Just announced: Level Access and eSSENTIAL Accessibility agree to merge! Read more.

Twenty-five years ago, the Americans with Disabilities Act (ADA) was signed into law, prohibiting discrimination based on disability. Most retailers understand that physical spaces must conform to specific design requirements for accessibility under the ADA, but in recent years the scope of the law is being interpreted more broadly. The argument has effectively been made that online services constitute “public accommodations.” The Department of Justice’s (DoJ) policy on website accessibility states that Title III of the ADA addresses businesses that are places of public accommodation, and as a result, the effective communication rule applies to entities that use the internet as a means of communication for their goods or services because they must be prepared to present these communications through an accessible medium.

An increasing number of retailers, both online and brick and mortar, are facing lawsuits relating to the accessibility of their digital properties – including websites and mobile applications. The application of accessibility principles to digital business channels – a concept broadly known as digital accessibility – is now widely seen as a critical part of overall accessibility risk management.

Retailers such as Amazon, CVS, eBay, Staples, Target, Ticketmaster and others have been sued by or are engaged in settlements with advocacy groups including the National Federation of the Blind (NFB), American Foundation for the Blind (AFB) and American Council of the Blind (ACB).

In addition to public-facing systems, internal systems such as portals, intranets, development environments, as well as internal HR systems and external job posting and application systems also pose potential risk under Title I of the ADA.  These systems are often at the core of people both getting a job and successfully performing their job.  If they are inaccessible, arguments have been made that an organization is discriminating against employees with disabilities.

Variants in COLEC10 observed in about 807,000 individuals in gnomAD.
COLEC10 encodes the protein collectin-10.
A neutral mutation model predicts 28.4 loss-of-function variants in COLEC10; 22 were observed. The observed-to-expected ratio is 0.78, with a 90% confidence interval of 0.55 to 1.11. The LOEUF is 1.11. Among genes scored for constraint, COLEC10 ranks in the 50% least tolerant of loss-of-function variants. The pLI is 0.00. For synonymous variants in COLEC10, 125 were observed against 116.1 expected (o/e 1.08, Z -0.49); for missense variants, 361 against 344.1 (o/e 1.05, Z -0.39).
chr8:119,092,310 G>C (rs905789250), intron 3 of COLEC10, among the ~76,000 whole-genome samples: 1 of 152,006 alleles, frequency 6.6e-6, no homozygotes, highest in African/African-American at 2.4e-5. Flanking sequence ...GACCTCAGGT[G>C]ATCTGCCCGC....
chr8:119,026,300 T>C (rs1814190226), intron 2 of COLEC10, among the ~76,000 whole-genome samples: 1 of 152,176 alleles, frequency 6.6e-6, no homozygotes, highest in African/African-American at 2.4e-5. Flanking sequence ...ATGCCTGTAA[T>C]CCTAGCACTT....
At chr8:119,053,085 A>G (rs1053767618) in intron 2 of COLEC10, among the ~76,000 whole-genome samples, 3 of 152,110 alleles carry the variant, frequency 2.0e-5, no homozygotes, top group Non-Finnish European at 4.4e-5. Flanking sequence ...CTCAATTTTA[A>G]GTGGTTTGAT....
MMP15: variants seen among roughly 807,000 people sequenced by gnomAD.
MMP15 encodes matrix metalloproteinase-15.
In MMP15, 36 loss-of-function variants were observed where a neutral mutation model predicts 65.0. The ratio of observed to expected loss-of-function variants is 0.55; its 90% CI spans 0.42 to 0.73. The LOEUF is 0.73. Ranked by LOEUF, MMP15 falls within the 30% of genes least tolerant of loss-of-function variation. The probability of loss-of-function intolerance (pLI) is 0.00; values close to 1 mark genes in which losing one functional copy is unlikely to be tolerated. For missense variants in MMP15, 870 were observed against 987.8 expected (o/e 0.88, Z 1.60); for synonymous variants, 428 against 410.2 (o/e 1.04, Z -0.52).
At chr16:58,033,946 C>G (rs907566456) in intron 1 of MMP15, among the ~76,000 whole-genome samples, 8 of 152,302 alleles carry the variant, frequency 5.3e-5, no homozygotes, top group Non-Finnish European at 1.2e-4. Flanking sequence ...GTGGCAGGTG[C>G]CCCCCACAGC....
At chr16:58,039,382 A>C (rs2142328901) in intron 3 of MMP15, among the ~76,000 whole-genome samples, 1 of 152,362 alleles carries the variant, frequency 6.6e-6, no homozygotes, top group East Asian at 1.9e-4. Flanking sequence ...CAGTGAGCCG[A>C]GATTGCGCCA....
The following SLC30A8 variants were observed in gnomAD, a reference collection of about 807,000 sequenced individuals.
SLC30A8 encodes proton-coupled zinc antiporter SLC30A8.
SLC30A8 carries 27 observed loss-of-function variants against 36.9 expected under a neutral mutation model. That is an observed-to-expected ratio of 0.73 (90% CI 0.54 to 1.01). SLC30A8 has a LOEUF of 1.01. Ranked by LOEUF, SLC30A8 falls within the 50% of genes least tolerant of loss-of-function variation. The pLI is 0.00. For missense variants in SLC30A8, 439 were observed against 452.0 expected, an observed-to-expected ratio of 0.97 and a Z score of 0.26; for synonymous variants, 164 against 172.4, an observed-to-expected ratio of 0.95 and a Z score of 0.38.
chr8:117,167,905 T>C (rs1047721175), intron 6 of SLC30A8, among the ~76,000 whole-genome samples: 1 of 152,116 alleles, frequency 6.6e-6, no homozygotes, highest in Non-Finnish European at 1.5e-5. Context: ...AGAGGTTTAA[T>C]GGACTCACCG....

The Cost of Litigation

So, what is the cost of litigation, settlements and required retrofitting to conform to settlements relating to ADA?

The cost to settle a class action lawsuit – including damages and injunctive costs – can easily top $10 million. Failure to comply with relevant legislation may also result in significant punitive fines and other substantial financial losses.

This doesn’t include the negative brand connotations for a retailer that is actively barring people with disabilities from using their systems.  Plaintiffs will try cases both in the courts and in the press.

The vast majority of cases do not go to trial and are settled under structured negotiations. In the case of class action suits these negotiations can occur before or after certification of the class. Generally the later in the process the defendant seeks to settle the more restrictive the technical requirements applied and the more aggressive the timeline for implementation.

The exact requirements for compliance vary from case to case but the vast majority of recent case settlements require Web Content Accessibility Guidelines (WCAG) 2.0 Level AA conformance. This set of requirements is more restrictive than what most organizations choose to conform to if they address accessibility in a proactive fashion. So, in addition to the legal and settlement costs, organizations face a higher burden of compliance by reacting to suits versus proactively defining a level of compliance.

Interested in learning more about the technical requirements? I’ve posted another blog today – ADA and the Web for Retailers – Technical Requirements – that explains more about what retailers can do to conform to the ADA, specifically the Title III public accommodations requirements.

It’s Not Just About Avoiding Risk

Not only does compliance help avoid the risk of litigation and bad publicity, it also helps online retailers increase market share by both ensuring equal access to their products and services and improving search engine optimization (SEO).  This article from Below the Fold explains how the practice of designing a site based on WCAG guidelines and optimizing SEO can overlap.

According to the 2010 U.S. Census Bureau there are approximately 56.7 million people living in the United States that have some type of disability (18.7% of the total population). They make up a significant market of consumers, representing more than $200 billion in discretionary spending and spurring technological innovation and entrepreneurship. When an individual with a visual, hearing, mobility or cognitive impairment cannot access your site properly it can be the difference between making and losing a sale.  Having an accessible website allows and welcomes the buying power of people with disabilities.

Want to Learn More?

Access the resources from our free, on-demand webinar:

Less Risk, More Revenue: Accessibility for Retailers

Presented by Tim Springer (CEO of Level Access) and Minh Vu (Partner, Seyfarth Shaw LLP), the webinar will explore the current requirements, expected changes, recent lawsuits and settlements, and outline a phased approach to mitigating legal risk, enhancing users experience, and monitoring ongoing compliance.

Access the webinar resources now!